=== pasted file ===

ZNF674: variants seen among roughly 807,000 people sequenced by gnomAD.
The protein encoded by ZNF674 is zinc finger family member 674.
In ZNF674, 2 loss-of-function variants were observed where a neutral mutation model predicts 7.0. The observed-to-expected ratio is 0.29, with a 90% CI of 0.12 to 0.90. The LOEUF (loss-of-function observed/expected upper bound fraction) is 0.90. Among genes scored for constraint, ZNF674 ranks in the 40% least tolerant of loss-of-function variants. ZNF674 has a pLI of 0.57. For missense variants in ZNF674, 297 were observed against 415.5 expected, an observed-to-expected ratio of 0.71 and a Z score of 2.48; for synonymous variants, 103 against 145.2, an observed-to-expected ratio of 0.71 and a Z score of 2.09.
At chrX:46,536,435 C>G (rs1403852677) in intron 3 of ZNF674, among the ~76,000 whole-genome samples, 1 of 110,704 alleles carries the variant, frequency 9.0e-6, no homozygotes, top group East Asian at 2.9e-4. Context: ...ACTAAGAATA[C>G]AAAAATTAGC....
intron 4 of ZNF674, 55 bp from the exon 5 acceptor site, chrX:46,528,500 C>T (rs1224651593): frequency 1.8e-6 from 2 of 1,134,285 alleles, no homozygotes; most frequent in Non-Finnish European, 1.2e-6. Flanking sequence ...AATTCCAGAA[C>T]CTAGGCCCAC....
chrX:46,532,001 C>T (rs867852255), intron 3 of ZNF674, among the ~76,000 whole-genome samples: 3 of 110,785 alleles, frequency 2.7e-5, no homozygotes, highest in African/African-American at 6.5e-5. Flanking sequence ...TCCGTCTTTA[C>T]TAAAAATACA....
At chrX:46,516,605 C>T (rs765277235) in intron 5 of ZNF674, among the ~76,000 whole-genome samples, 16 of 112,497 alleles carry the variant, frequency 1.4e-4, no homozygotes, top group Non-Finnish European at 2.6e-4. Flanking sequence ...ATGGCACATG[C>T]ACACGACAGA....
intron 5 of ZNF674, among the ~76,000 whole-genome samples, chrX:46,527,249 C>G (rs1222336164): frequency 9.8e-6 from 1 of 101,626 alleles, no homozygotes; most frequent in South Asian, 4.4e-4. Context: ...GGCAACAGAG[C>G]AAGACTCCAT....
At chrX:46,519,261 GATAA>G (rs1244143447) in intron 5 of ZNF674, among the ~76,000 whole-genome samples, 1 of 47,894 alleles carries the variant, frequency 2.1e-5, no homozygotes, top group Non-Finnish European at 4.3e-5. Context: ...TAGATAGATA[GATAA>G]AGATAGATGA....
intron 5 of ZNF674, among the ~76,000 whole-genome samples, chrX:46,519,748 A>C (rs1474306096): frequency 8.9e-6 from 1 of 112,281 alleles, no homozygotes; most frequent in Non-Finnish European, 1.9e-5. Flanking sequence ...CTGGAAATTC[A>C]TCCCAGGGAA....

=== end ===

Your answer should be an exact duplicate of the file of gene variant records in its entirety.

ZNF674: variants seen among roughly 807,000 people sequenced by gnomAD.
The protein encoded by ZNF674 is zinc finger family member 674.
In ZNF674, 2 loss-of-function variants were observed where a neutral mutation model predicts 7.0. The observed-to-expected ratio is 0.29, with a 90% CI of 0.12 to 0.90. The LOEUF (loss-of-function observed/expected upper bound fraction) is 0.90. Among genes scored for constraint, ZNF674 ranks in the 40% least tolerant of loss-of-function variants. ZNF674 has a pLI of 0.57. For missense variants in ZNF674, 297 were observed against 415.5 expected, an observed-to-expected ratio of 0.71 and a Z score of 2.48; for synonymous variants, 103 against 145.2, an observed-to-expected ratio of 0.71 and a Z score of 2.09.
At chrX:46,536,435 C>G (rs1403852677) in intron 3 of ZNF674, among the ~76,000 whole-genome samples, 1 of 110,704 alleles carries the variant, frequency 9.0e-6, no homozygotes, top group East Asian at 2.9e-4. Context: ...ACTAAGAATA[C>G]AAAAATTAGC....
intron 4 of ZNF674, 55 bp from the exon 5 acceptor site, chrX:46,528,500 C>T (rs1224651593): frequency 1.8e-6 from 2 of 1,134,285 alleles, no homozygotes; most frequent in Non-Finnish European, 1.2e-6. Flanking sequence ...AATTCCAGAA[C>T]CTAGGCCCAC....
chrX:46,532,001 C>T (rs867852255), intron 3 of ZNF674, among the ~76,000 whole-genome samples: 3 of 110,785 alleles, frequency 2.7e-5, no homozygotes, highest in African/African-American at 6.5e-5. Flanking sequence ...TCCGTCTTTA[C>T]TAAAAATACA....
At chrX:46,516,605 C>T (rs765277235) in intron 5 of ZNF674, among the ~76,000 whole-genome samples, 16 of 112,497 alleles carry the variant, frequency 1.4e-4, no homozygotes, top group Non-Finnish European at 2.6e-4. Flanking sequence ...ATGGCACATG[C>T]ACACGACAGA....
intron 5 of ZNF674, among the ~76,000 whole-genome samples, chrX:46,527,249 C>G (rs1222336164): frequency 9.8e-6 from 1 of 101,626 alleles, no homozygotes; most frequent in South Asian, 4.4e-4. Context: ...GGCAACAGAG[C>G]AAGACTCCAT....
At chrX:46,519,261 GATAA>G (rs1244143447) in intron 5 of ZNF674, among the ~76,000 whole-genome samples, 1 of 47,894 alleles carries the variant, frequency 2.1e-5, no homozygotes, top group Non-Finnish European at 4.3e-5. Context: ...TAGATAGATA[GATAA>G]AGATAGATGA....
intron 5 of ZNF674, among the ~76,000 whole-genome samples, chrX:46,519,748 A>C (rs1474306096): frequency 8.9e-6 from 1 of 112,281 alleles, no homozygotes; most frequent in Non-Finnish European, 1.9e-5. Flanking sequence ...CTGGAAATTC[A>C]TCCCAGGGAA....